World's Largest Wren


Topeka, Kansas

After a fun day of Mobile Museum appearance at the Topeka Shawnee County Public Library, including community SPAM carving and grilling of World's Largest Things project ideas, the list of local attracions was growing. I heard of the Wren, and a Very Large Cinnamon Roll, and spotted a bonus World's Largest Russian Egg, too!

Created originally for WREN radio, the Wren now serves as a perky median decoration along SW Topeka Boulevard, overlooking a mildly confusing intersection. Nestled in a concrete-encircled flower bed, he's within climbing distance but doesn't appear to be very badly abused by would-be climbers.

The A 1942 photo of the old WREN building in Lawrence KS (that's where the station started) shows two baby wrens flanking the doors. The big Wren was in front of the Tonganoxie transmitter. WREN first began as 9yN at the University of Kansas in 1919, laterbecoming KFKU, then broadcasting as WREN in 1926. The first broadcast was from the back room of the bowersock Mills and Power Company, with a microphone set on a stack of empty flour sacks. The station's first function was to advertise Jenny Wren Flour. WREN moved to Topeka in 1947, and with it came the World's Largest Wren. It was secure in a little mini-park at the station during the reign of owner Alf Landon (owner from 1952 - 1981).

In 1985, the station was sold once again, with devastating effects. Non-payment of income and Social Security taxes, overdue news service contracts, leins and lawsuits caused the station to go off the air in 1987. The W.L. Wren sat atop its perch, wondiring what would become of it. When a Christian radio station purchased the building in 1991, they decided to sell off the bird as a fundraiser. Community donations made up the $1500 purchase price, with Historic Topeka Inc. buying and storing the Wren. Eventually, it was installed in its own protected perch, surrounded by a bed of color, back in the heart of Topeka.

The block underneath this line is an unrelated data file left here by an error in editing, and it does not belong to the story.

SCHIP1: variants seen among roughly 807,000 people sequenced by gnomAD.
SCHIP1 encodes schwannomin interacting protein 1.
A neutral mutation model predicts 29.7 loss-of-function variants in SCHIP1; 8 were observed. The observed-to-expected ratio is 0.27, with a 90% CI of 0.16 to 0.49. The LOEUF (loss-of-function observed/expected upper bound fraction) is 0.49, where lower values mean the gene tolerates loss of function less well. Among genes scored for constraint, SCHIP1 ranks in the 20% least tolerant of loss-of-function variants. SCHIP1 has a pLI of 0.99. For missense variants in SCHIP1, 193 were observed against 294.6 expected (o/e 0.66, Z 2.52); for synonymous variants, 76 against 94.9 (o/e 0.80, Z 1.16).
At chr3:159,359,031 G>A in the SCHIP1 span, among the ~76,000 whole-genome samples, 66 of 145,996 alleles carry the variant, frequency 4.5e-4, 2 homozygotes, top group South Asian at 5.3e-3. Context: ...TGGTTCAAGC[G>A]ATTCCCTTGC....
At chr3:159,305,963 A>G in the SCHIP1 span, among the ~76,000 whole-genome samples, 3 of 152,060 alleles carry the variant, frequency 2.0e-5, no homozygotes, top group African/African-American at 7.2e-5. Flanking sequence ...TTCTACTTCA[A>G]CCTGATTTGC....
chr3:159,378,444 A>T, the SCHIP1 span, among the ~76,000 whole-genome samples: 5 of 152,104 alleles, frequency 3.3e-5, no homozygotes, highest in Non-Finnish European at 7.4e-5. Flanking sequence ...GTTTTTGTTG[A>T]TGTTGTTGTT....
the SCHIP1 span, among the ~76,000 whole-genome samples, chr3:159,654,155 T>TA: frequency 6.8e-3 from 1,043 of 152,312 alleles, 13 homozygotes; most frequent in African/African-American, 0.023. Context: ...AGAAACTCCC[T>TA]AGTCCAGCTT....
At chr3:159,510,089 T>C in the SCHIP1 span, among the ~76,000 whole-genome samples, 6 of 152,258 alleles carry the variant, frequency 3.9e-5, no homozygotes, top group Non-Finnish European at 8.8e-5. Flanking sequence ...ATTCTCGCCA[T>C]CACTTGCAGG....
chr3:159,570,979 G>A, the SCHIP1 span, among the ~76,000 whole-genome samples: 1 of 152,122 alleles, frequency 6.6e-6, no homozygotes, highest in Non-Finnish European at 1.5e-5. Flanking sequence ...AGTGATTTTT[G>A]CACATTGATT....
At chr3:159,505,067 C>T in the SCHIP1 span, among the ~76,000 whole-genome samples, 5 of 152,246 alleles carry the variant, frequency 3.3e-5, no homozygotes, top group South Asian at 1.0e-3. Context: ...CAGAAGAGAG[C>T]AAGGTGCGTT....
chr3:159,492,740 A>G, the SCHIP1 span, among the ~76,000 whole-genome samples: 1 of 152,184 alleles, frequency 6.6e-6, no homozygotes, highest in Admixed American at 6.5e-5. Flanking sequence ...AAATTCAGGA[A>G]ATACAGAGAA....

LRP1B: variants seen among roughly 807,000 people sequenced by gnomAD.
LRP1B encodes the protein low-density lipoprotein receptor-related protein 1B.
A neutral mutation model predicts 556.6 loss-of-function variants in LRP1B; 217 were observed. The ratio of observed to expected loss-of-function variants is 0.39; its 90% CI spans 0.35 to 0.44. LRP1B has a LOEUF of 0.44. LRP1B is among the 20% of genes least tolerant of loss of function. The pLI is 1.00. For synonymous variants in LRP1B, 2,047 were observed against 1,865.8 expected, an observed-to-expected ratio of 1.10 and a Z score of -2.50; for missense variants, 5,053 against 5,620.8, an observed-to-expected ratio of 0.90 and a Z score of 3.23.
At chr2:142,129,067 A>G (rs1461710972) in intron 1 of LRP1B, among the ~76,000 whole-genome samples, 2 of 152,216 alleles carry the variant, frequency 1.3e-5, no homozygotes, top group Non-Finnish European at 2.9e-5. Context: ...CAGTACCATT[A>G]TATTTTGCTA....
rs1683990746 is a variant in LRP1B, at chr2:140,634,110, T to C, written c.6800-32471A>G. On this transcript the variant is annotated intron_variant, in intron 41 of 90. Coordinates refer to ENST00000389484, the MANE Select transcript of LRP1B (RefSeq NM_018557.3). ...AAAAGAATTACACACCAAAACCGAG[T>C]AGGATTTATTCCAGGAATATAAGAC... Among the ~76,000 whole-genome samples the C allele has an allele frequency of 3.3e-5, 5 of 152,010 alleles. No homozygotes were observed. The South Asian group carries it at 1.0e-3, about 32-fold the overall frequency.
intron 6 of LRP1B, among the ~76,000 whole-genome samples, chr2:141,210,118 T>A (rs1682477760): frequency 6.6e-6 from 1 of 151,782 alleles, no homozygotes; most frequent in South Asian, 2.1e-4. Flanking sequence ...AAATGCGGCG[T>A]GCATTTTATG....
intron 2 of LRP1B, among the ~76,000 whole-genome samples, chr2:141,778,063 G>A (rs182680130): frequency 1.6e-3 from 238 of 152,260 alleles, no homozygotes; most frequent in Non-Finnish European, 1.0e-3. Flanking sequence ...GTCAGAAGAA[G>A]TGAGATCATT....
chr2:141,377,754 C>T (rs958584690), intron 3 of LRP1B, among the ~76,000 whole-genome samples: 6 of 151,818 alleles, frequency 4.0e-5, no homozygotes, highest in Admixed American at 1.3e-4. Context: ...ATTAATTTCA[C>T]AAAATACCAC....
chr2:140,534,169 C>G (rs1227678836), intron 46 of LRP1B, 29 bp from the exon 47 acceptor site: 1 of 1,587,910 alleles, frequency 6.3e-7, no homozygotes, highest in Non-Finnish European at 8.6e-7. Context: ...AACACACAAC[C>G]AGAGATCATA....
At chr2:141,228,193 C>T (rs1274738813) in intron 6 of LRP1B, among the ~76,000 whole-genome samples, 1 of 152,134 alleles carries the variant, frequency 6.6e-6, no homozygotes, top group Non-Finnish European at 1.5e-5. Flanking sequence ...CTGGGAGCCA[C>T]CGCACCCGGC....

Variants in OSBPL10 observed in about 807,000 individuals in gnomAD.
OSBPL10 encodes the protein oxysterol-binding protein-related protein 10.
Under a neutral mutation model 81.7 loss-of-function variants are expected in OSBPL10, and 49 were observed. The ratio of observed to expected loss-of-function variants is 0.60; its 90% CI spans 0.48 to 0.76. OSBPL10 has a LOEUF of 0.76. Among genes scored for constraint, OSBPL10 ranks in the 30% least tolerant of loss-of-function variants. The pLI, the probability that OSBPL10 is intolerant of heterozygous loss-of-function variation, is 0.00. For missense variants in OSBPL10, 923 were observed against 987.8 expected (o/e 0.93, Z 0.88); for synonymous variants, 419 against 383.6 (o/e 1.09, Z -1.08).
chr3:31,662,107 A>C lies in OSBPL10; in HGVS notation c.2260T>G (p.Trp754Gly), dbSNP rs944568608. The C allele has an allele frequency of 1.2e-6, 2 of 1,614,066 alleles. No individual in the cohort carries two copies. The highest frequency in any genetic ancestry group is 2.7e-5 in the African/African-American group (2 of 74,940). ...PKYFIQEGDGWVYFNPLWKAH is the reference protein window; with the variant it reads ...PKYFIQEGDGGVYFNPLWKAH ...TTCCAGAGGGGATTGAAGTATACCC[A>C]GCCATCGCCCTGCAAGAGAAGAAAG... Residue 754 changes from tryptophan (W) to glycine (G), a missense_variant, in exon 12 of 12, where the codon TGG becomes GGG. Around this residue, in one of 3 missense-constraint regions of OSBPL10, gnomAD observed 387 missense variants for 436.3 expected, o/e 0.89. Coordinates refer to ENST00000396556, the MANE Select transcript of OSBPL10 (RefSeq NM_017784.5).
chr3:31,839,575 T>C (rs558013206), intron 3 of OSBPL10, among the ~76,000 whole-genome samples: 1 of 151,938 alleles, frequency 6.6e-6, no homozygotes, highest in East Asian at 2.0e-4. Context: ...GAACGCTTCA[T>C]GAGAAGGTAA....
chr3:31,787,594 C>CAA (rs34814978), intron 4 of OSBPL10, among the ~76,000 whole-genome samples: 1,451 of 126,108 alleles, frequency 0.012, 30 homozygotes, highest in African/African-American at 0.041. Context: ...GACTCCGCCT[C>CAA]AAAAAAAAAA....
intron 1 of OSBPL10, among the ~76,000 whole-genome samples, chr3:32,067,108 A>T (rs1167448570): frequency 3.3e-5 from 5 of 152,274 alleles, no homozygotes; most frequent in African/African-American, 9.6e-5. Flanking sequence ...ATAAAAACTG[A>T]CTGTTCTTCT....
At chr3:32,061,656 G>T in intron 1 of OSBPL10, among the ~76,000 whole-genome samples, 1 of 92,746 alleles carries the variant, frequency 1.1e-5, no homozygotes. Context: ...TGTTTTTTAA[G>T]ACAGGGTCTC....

World's Largest Wren Stats

Concrete, paint, steel armature
With its pedestal, my 5'3" head reached just about to the fattest part of his belly
1200 pounds, concrete
Built pre-1945


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World's Largest Things
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Lucas, KS 67648


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